Decentralized drug distribution of antiretroviral therapy in Eswatini: cost-saving or cost-shifting?


BACKGROUND: Decentralized drug distribution (DDD) is an approach to support people living with HIV and other chronic conditions who need periodic drug refills in low-and middle-income countries. It has the potential to preserve facility-based resources (especially labor) and reduces crowding in facilities (particularly important during the COVID-19 pandemic).
This analysis documents how the DDD approach in Eswatini changed the flow of resources during implementation and service delivery and who bore the costs/savings.
METHODS: Activity-based costing of DDD was conducted todocument the resources required to support service delivery through DDD, how DDD impacted the source of resources, and how DDD impacted the cost to service clients. Resources were valued from a financial perspective for monetary transactions or as opportunity costs if no transaction took place but how an existing resource was being used changed. The latter included the value of time for facility-based staff who were redeployed, or changes in the time clients spent seeking refills (valued at the hourly equivalent of gross domestic product per capita). Antiretroviral costs were excluded, as overall use did not change.
RESULTS: During service provision, for every US$1.00 of financial costs incurred, ~US$0.75 in opportunity costs were incurred for redeployed resources to support CDPs. These were almost equally divided between the Ministry of Health (55%) and donor-funded implementing partners (45%). Clients had a modest financial cost savings (~US$2.40/refill) but substantial opportunity cost savings (~US$47.87/refill). The ongoing financial and opportunity costs of DDD per month and refill for stakeholders are shown below (US$).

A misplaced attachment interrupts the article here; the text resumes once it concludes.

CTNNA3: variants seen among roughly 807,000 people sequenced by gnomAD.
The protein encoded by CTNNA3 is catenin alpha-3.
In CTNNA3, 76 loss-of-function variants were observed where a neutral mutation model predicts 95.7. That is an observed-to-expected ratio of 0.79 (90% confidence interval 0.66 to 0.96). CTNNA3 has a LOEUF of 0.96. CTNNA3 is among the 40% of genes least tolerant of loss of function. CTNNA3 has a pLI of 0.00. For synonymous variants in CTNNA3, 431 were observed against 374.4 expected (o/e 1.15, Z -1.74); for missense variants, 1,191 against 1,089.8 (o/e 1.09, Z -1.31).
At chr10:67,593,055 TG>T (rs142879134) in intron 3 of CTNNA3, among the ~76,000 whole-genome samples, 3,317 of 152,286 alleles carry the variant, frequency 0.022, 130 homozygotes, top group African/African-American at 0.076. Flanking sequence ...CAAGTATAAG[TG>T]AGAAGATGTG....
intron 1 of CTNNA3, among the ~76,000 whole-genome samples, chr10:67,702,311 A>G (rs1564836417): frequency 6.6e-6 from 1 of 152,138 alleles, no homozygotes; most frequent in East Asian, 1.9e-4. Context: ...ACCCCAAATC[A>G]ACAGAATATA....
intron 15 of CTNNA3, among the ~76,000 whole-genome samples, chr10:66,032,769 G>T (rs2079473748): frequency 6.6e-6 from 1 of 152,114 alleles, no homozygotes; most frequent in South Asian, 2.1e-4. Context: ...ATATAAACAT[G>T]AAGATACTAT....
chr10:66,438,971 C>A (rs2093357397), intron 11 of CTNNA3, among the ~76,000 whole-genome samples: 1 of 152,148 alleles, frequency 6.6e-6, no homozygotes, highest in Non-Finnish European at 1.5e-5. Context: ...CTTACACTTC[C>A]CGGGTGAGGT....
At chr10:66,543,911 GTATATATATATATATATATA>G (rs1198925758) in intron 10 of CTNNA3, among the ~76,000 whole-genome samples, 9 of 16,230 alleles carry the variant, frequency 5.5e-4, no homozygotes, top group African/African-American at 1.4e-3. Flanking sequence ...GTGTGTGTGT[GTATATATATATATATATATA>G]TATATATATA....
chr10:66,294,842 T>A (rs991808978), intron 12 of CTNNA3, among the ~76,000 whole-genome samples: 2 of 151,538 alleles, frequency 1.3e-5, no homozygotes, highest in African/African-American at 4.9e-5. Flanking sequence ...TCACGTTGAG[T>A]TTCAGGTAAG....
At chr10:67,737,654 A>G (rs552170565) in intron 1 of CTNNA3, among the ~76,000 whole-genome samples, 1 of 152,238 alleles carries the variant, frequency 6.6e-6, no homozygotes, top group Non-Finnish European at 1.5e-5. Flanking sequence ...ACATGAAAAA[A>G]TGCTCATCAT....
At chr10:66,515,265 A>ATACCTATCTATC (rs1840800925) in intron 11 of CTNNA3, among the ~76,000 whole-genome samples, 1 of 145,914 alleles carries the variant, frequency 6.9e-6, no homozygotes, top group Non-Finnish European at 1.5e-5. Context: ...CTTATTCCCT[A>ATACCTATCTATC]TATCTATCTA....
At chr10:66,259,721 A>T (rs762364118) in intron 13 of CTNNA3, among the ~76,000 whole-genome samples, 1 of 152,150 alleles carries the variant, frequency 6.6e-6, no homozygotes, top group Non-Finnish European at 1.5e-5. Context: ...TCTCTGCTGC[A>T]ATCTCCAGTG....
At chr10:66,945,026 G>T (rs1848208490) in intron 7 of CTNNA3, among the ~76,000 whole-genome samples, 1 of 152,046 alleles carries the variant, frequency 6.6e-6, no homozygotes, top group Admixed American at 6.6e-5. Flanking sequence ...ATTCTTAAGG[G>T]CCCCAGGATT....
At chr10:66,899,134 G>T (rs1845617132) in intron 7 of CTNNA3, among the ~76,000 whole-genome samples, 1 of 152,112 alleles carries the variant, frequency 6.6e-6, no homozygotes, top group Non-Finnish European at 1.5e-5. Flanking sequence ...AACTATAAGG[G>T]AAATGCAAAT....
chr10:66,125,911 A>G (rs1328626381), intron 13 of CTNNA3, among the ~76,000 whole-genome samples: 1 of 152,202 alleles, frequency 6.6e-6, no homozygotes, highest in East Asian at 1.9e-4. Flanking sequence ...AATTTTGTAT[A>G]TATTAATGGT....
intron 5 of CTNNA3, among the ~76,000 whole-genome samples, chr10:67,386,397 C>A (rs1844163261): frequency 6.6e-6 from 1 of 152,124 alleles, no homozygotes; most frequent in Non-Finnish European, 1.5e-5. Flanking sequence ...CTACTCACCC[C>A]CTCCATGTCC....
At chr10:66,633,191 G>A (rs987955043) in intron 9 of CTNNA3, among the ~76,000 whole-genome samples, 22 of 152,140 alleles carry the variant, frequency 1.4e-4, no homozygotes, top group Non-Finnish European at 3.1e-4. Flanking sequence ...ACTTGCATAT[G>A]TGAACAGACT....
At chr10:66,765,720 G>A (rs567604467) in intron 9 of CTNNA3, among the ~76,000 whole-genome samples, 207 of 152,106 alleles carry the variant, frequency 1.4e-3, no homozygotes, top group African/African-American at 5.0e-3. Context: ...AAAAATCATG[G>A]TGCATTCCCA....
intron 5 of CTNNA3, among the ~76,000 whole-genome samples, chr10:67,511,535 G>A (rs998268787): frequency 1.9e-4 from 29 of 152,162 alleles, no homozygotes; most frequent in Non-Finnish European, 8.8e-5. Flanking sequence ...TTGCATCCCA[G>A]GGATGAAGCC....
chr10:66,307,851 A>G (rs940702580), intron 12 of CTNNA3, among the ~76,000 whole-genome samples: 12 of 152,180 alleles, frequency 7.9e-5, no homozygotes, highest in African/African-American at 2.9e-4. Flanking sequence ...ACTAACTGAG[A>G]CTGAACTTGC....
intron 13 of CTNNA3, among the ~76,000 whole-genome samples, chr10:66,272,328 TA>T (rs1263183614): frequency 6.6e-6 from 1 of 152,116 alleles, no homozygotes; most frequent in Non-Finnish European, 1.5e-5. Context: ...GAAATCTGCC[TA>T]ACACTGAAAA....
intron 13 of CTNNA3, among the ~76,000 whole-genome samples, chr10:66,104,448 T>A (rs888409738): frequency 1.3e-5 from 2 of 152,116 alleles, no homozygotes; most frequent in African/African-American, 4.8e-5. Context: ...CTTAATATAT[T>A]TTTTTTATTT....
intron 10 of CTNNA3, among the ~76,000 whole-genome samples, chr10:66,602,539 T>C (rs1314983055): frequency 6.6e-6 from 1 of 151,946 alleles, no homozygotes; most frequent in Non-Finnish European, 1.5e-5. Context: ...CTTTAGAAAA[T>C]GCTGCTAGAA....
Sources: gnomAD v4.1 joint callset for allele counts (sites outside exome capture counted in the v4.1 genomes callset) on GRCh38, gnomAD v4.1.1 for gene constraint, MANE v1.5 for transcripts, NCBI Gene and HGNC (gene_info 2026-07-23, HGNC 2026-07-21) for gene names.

Donor ResourcesMinistry of Health ResourcesClient Resources

Per MonthPer Refill*Per MonthPer Refill*Per MonthPer Refill*
* Based upon ~820 refills dispensed per month (17.7% of all ART refills)
CONCLUSIONS: DDD of antiretroviral therapy is feasible and can reduce pressure on facility-based resources. The savings to clients largely offsets the additional costs associated with DDD for antiretroviral refills. Understanding how DDD introduction impacts the flow and source of resources required can inform scale-up and ongoing support of these programs.

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